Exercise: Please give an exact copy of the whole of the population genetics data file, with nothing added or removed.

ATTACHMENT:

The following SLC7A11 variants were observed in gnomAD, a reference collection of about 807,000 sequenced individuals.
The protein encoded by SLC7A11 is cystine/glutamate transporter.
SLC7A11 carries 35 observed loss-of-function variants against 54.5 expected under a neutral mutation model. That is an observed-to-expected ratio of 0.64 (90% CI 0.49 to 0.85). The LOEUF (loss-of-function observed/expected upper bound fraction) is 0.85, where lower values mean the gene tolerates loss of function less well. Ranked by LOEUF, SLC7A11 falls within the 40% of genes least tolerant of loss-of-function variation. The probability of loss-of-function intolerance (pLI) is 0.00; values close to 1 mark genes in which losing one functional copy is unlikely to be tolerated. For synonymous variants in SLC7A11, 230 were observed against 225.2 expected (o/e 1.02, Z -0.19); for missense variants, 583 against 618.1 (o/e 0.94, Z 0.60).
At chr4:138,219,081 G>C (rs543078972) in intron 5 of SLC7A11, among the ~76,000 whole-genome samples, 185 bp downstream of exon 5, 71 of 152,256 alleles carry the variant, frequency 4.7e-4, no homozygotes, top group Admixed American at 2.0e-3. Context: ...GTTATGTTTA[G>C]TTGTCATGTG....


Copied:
The following SLC7A11 variants were observed in gnomAD, a reference collection of about 807,000 sequenced individuals.
The protein encoded by SLC7A11 is cystine/glutamate transporter.
SLC7A11 carries 35 observed loss-of-function variants against 54.5 expected under a neutral mutation model. That is an observed-to-expected ratio of 0.64 (90% CI 0.49 to 0.85). The LOEUF (loss-of-function observed/expected upper bound fraction) is 0.85, where lower values mean the gene tolerates loss of function less well. Ranked by LOEUF, SLC7A11 falls within the 40% of genes least tolerant of loss-of-function variation. The probability of loss-of-function intolerance (pLI) is 0.00; values close to 1 mark genes in which losing one functional copy is unlikely to be tolerated. For synonymous variants in SLC7A11, 230 were observed against 225.2 expected (o/e 1.02, Z -0.19); for missense variants, 583 against 618.1 (o/e 0.94, Z 0.60).
At chr4:138,219,081 G>C (rs543078972) in intron 5 of SLC7A11, among the ~76,000 whole-genome samples, 185 bp downstream of exon 5, 71 of 152,256 alleles carry the variant, frequency 4.7e-4, no homozygotes, top group Admixed American at 2.0e-3. Context: ...GTTATGTTTA[G>C]TTGTCATGTG....